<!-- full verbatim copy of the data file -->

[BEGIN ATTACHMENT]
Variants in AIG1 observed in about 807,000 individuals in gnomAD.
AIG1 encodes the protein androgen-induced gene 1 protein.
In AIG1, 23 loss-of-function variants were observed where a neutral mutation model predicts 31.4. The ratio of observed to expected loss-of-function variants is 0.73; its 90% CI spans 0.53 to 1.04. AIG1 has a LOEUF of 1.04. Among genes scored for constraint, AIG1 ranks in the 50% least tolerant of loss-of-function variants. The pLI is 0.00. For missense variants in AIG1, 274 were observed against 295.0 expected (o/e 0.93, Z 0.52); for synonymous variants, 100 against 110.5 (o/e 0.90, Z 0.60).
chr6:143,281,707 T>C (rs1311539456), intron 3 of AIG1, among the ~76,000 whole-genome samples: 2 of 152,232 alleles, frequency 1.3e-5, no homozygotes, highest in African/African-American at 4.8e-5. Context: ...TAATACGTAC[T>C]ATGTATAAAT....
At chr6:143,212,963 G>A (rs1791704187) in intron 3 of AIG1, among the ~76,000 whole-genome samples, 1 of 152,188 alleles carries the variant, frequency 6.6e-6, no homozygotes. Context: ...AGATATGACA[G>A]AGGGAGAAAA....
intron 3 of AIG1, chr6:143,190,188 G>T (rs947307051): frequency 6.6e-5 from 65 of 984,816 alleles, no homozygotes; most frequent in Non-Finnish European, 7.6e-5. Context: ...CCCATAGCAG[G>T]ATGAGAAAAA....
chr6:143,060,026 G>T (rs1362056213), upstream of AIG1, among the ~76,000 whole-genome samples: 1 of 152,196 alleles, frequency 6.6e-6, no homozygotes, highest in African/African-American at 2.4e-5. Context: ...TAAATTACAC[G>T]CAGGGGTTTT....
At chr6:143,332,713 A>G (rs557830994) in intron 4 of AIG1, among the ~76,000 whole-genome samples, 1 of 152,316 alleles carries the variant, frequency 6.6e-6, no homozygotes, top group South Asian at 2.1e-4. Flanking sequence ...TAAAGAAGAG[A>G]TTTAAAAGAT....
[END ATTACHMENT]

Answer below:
Variants in AIG1 observed in about 807,000 individuals in gnomAD.
AIG1 encodes the protein androgen-induced gene 1 protein.
In AIG1, 23 loss-of-function variants were observed where a neutral mutation model predicts 31.4. The ratio of observed to expected loss-of-function variants is 0.73; its 90% CI spans 0.53 to 1.04. AIG1 has a LOEUF of 1.04. Among genes scored for constraint, AIG1 ranks in the 50% least tolerant of loss-of-function variants. The pLI is 0.00. For missense variants in AIG1, 274 were observed against 295.0 expected (o/e 0.93, Z 0.52); for synonymous variants, 100 against 110.5 (o/e 0.90, Z 0.60).
chr6:143,281,707 T>C (rs1311539456), intron 3 of AIG1, among the ~76,000 whole-genome samples: 2 of 152,232 alleles, frequency 1.3e-5, no homozygotes, highest in African/African-American at 4.8e-5. Context: ...TAATACGTAC[T>C]ATGTATAAAT....
At chr6:143,212,963 G>A (rs1791704187) in intron 3 of AIG1, among the ~76,000 whole-genome samples, 1 of 152,188 alleles carries the variant, frequency 6.6e-6, no homozygotes. Context: ...AGATATGACA[G>A]AGGGAGAAAA....
intron 3 of AIG1, chr6:143,190,188 G>T (rs947307051): frequency 6.6e-5 from 65 of 984,816 alleles, no homozygotes; most frequent in Non-Finnish European, 7.6e-5. Context: ...CCCATAGCAG[G>T]ATGAGAAAAA....
chr6:143,060,026 G>T (rs1362056213), upstream of AIG1, among the ~76,000 whole-genome samples: 1 of 152,196 alleles, frequency 6.6e-6, no homozygotes, highest in African/African-American at 2.4e-5. Context: ...TAAATTACAC[G>T]CAGGGGTTTT....
At chr6:143,332,713 A>G (rs557830994) in intron 4 of AIG1, among the ~76,000 whole-genome samples, 1 of 152,316 alleles carries the variant, frequency 6.6e-6, no homozygotes, top group South Asian at 2.1e-4. Flanking sequence ...TAAAGAAGAG[A>G]TTTAAAAGAT....